In today’s digital environment, can the use of traditional publicity and media relations still be an effective strategy to increase sales?
By Jim Sweeney
Traditional publicity and media relations is a broad strategy that if properly targeted and effectively implemented can achieve – or at least support the achievement of – virtually any marketing/communications objective, including increasing sales.
To be sure, there are certainly more effective marketing, advertising and public relations strategies to directly impact sales. But the value of traditional publicity and media relations – to create awareness, build brand and establish credibility for a company, product or service – should never be underestimated.
Despite the growth of online media – both news and social – the vast majority of consumers in the U.S. continue to spend more time watching TV, listening to radio and reading newspapers and magazines than they do on the Internet.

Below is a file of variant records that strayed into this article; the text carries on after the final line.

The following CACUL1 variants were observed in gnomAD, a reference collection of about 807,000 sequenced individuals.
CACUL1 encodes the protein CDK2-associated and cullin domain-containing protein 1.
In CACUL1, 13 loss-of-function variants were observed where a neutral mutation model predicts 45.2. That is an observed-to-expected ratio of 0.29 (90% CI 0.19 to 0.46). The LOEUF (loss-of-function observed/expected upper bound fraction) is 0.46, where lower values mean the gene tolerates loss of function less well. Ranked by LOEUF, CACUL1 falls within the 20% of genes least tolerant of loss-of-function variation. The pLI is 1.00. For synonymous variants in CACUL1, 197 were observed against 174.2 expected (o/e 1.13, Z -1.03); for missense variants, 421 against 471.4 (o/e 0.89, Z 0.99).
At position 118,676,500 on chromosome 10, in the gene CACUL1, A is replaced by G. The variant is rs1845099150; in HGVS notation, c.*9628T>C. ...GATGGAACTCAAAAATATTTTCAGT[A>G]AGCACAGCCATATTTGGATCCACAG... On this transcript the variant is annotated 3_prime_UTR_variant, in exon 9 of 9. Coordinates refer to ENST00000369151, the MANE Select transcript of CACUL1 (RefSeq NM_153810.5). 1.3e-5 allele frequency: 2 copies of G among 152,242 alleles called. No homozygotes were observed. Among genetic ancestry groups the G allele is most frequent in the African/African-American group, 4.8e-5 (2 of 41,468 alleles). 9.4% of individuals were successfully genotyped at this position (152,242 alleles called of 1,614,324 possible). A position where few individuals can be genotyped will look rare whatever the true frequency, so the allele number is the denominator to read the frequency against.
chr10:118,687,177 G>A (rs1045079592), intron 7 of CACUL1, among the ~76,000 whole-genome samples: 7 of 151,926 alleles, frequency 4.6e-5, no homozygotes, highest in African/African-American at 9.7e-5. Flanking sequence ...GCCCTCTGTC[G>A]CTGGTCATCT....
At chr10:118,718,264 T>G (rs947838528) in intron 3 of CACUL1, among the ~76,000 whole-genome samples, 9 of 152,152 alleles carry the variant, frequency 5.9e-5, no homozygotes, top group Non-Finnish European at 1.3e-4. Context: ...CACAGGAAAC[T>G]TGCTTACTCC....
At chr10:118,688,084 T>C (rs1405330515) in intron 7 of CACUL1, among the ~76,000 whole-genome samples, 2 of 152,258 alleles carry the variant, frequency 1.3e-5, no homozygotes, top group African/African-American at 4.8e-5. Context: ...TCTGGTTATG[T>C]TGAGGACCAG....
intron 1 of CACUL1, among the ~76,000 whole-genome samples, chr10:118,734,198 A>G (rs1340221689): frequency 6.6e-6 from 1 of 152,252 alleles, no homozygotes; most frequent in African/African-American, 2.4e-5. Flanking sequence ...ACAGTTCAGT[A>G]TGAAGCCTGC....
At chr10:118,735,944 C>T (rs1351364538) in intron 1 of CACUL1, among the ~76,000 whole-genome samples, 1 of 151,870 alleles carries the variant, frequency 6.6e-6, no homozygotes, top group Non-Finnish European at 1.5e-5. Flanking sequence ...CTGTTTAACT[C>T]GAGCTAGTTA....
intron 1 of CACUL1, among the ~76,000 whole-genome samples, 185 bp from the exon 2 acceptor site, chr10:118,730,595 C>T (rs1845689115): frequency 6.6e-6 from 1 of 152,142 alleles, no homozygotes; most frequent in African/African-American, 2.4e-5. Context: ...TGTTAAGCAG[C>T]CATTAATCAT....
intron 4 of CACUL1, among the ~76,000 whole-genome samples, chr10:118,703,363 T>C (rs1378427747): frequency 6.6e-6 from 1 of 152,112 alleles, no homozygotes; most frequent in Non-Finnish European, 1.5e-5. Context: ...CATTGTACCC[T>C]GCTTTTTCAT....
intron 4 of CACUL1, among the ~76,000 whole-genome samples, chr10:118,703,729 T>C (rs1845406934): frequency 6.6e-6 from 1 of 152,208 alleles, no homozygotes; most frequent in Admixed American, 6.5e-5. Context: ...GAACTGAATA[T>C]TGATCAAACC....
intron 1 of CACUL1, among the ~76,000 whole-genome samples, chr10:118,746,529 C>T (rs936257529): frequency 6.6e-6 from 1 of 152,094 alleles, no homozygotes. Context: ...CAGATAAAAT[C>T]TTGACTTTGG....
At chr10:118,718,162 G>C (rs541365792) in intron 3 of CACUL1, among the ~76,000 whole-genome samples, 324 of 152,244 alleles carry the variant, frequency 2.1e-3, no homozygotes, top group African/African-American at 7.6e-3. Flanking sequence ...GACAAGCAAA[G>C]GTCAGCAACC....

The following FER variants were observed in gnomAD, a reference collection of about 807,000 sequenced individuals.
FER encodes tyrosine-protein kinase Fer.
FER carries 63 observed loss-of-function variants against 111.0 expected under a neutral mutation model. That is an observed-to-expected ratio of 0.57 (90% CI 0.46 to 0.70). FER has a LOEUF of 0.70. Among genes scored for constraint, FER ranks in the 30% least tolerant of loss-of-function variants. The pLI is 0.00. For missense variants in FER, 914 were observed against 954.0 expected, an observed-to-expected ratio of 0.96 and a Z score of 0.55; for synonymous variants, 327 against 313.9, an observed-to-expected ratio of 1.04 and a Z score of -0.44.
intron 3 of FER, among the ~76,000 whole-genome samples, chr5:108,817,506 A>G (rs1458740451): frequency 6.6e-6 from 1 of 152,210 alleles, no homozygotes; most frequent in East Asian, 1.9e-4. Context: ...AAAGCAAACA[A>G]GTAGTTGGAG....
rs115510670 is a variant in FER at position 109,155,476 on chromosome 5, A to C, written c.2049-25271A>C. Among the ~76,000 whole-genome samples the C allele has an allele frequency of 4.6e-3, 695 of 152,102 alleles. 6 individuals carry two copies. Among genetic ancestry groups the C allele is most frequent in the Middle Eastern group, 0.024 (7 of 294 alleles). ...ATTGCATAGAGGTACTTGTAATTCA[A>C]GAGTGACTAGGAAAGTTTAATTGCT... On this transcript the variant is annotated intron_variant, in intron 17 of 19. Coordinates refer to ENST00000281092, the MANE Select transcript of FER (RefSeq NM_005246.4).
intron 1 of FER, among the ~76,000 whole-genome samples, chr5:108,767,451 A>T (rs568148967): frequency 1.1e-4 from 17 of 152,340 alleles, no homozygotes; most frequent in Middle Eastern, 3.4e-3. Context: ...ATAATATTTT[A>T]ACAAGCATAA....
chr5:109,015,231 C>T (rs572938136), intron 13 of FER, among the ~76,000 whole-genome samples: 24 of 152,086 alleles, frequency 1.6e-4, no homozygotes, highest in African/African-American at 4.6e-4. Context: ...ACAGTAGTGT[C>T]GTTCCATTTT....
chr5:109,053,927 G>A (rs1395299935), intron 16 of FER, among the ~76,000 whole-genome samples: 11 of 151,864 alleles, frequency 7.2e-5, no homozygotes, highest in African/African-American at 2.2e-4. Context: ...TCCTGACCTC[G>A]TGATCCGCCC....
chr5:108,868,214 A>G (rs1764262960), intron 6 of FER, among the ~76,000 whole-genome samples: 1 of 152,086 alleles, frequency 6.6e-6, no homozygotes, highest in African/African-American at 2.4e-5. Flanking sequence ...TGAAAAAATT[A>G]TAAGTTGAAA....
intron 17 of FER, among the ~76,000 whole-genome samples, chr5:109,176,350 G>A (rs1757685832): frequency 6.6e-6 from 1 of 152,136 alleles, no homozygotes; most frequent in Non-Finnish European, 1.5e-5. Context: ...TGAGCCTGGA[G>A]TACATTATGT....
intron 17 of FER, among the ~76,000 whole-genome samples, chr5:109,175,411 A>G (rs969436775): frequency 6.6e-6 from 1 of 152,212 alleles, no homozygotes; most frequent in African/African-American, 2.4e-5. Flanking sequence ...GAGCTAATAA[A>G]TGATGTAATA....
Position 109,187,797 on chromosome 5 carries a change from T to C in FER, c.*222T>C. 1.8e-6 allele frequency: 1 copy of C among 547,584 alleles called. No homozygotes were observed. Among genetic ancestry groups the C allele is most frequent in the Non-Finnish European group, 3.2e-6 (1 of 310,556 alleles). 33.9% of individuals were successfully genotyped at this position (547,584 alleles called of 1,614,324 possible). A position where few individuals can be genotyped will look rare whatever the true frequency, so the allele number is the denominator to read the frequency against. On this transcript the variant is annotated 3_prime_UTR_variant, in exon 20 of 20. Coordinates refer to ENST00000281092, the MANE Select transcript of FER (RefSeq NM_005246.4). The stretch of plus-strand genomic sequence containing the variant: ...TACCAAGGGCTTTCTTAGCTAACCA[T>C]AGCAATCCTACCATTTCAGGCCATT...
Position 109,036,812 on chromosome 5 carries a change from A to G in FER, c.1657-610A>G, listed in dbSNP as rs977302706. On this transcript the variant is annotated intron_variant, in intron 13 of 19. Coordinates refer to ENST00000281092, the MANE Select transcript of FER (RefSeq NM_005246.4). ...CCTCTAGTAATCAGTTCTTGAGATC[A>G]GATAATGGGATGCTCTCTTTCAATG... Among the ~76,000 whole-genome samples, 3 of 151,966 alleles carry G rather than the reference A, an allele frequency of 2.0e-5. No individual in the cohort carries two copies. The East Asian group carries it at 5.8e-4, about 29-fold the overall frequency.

In fact, the real difficulty in using traditional publicity and media relations to drive sales, is often the ability and/or willingness to measure the impact of the results – media coverage. Whether you are selling products nationwide at multiple retail locations or promoting your new restaurant in Wilmington, NC, it is extremely challenging (and usually cost-prohibitive) to track magazine, newspaper and broadcast coverage, then connect that coverage with sales (unless of course your product appears on Oprah).
Depending upon your desire and ability, you can apply some basic metrics:
1. You can easily document deliverables (e.g., media database, press materials, media calls, product sample distributions).
2. You can easily measure results (e.g., numbers of interviews, quantity and quality of coverage, consumer impressions).
3. You can even account for some corresponding “sales” activity (e.g.,direct links to your web site, spikes in web site and/or store traffic, incoming calls to a designated phone number).
Beyond this, your metrics and your measurement strategies must be a bit more sophisticated and costly. Still, making the hard connection between publicity and media relations is doable. Unfortunately it requires time and money that most marketers prefer to put back into the campaign.
Is it an effective strategy? You bet.
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